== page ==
the mouth that is part of the face where the love of liquid first manifests itself.”
These things would pop up in popular culture; this is especially true in Jane Eyre. If you wanted to convey something
about somebody’s character, you alluded to their characteristics in their face. If they had a full mouth, then they were
a bit racy. A heroine had even features, pale skin, small mouth, etc. Jane Eyre herself was not this typical heroine. By
giving a self description, we then knew that her behaviour was going to be irregular, because her features were
irregular.
Sir Francis Galton was massively scientific about it. He was Charles Darwin’s cousin. He invented certain aspects of statistical
testing. He was a social darwinist. He thought you could breed a better quality human race.
He would take photographic plates, and develop several exposures of different faces; he thought that if you did that,
you could average faces. What differs across individuals, will disappear, and the average will remain. He did this with
thieves, to see what the average thief would look like. However, this only lead to making average faces, and this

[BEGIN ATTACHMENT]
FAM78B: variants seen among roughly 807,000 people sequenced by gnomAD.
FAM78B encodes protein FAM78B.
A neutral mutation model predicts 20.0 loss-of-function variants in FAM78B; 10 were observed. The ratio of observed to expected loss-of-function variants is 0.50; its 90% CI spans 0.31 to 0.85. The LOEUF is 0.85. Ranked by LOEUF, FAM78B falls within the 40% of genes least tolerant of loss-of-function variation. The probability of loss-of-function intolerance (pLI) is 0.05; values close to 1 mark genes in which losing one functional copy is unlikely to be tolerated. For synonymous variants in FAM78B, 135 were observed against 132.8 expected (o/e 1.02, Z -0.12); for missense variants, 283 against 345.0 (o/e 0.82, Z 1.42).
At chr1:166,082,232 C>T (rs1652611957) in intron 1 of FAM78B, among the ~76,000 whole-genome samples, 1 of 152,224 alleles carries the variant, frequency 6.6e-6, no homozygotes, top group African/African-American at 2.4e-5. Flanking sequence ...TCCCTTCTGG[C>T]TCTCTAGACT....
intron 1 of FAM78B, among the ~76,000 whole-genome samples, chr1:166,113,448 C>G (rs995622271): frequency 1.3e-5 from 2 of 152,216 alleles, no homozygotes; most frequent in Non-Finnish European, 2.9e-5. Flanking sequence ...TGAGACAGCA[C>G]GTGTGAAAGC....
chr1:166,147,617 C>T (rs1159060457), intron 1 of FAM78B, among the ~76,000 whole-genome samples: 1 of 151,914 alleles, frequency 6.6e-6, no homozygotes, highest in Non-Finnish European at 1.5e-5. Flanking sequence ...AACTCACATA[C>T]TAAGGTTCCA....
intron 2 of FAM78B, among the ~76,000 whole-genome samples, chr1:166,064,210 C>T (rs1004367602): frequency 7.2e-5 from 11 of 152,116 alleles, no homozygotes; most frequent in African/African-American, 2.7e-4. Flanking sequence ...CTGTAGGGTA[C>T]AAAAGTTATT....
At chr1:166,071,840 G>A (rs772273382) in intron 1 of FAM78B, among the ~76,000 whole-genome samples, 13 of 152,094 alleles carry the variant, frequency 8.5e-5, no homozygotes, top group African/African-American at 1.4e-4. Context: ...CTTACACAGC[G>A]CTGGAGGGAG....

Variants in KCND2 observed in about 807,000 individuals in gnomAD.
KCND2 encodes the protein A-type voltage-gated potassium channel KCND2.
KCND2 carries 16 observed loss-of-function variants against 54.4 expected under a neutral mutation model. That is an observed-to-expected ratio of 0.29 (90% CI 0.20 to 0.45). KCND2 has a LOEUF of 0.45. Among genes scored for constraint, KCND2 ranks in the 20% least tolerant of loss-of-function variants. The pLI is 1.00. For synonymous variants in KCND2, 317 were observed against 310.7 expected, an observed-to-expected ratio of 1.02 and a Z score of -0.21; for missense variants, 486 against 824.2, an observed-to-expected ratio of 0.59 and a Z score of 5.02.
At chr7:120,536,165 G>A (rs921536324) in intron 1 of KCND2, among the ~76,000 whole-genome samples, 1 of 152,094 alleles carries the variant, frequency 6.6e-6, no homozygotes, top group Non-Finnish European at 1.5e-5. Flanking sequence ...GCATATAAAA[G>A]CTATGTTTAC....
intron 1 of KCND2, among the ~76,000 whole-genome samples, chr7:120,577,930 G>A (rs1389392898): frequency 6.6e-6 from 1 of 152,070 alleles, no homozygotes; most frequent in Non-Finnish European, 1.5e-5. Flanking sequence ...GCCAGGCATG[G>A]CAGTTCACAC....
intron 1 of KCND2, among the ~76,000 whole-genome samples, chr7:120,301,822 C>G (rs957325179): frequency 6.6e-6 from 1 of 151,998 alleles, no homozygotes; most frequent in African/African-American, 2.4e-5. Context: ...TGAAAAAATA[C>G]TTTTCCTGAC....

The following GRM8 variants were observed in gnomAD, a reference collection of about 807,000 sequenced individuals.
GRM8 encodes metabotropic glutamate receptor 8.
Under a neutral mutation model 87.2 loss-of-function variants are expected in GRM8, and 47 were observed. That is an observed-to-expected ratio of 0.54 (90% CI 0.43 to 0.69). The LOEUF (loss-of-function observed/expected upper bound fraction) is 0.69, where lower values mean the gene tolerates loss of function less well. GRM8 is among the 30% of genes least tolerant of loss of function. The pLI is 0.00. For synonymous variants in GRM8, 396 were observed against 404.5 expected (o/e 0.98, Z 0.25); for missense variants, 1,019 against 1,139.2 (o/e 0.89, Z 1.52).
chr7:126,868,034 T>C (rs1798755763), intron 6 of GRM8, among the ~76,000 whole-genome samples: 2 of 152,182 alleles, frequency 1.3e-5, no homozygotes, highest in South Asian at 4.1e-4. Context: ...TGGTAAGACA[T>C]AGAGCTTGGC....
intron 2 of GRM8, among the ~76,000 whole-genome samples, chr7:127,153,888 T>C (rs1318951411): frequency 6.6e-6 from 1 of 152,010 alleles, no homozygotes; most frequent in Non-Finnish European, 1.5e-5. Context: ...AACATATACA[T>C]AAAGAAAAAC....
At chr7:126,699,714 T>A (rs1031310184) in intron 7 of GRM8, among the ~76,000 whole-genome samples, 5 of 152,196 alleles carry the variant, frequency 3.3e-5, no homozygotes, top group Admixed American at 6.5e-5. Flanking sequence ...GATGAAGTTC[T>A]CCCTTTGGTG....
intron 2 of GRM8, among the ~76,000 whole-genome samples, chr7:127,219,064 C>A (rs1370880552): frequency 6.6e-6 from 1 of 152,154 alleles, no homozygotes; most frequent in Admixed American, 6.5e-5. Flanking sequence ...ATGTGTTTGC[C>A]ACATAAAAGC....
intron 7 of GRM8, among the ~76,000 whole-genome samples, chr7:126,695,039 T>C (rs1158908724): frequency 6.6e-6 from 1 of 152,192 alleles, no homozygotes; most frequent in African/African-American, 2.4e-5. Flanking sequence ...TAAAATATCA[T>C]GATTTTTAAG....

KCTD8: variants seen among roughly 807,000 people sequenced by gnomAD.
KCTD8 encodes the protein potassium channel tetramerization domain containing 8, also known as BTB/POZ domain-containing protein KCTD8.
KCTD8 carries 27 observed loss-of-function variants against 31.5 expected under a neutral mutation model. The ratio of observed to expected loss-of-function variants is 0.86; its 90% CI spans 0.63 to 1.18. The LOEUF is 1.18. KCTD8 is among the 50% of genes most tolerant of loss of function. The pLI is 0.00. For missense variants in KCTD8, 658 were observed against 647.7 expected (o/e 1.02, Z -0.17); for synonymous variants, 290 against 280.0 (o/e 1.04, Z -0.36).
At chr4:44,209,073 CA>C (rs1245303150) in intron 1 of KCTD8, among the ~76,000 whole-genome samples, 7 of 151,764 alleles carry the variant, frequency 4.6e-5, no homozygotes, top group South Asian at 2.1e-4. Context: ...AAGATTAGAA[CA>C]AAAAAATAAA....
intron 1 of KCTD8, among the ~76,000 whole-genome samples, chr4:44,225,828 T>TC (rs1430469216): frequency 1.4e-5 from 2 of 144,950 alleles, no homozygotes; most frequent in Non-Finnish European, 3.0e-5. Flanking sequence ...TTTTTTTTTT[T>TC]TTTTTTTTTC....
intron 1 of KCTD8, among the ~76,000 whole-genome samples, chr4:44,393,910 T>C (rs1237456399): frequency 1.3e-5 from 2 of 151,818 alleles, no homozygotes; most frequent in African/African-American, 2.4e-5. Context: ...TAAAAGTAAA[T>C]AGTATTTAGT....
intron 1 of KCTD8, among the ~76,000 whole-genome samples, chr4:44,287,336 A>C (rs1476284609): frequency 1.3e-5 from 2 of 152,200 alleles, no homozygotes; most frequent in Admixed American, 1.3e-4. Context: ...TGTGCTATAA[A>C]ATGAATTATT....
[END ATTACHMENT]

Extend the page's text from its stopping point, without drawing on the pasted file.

meant that the idea that consistent features were associated with traits was false.
He attempted to make Physiognomy a science.
He would also try to do it with aspects of health, thought again, this technique would fail him in that as well.
In the early 20’s, a study was done. They would try to match up facial features with personality traits. Instead, they found that
“the psychical factors purporting to measure the same trait do not present even a suspicion of agreement. The correlation
between ratings of casual observers and physical measures is best represented by 0.000”
People (up to 75%) believe that we can tell a person’s personality by their face alone, even though there is no evidence for it.
In a study in 2005 by Todorov, showed politician’s faces. They were asked who looked more competent. The people tended
to go for more mature, more masculine features. Another study done by Rule and Ambady in 2008 asked who was more
competent. There is something that people detect and pick up.
This may be because, according to George Orwell, “at fifty everyone has the face they deserve.” If you walk around
grumpy for fifty years, then at fifty, we can detect this, because you settle into this.
We are also able to generalize.
“Kindenschema” or “the baby scheme” is an argument that all babies, especially birds and mammals, tend to look
cute, which releases this nurturing response in us. Babies of all species have cute features, with smaller noses, bigger
eyes, smaller chins, etc. This cute response is take to be have a need to be looked after, etc.
In a UK study with babies, young, pre-menoposal women preferred the “cuter baby”. Men and post-
menopausal women didn’t.
Cuteness and femininity are connected; in a study, female babies are “cuter” than males.
There’s a kernel of truth to Physiognomy then.
The less agreeable, more machiavellian you are, the higher your accuracy.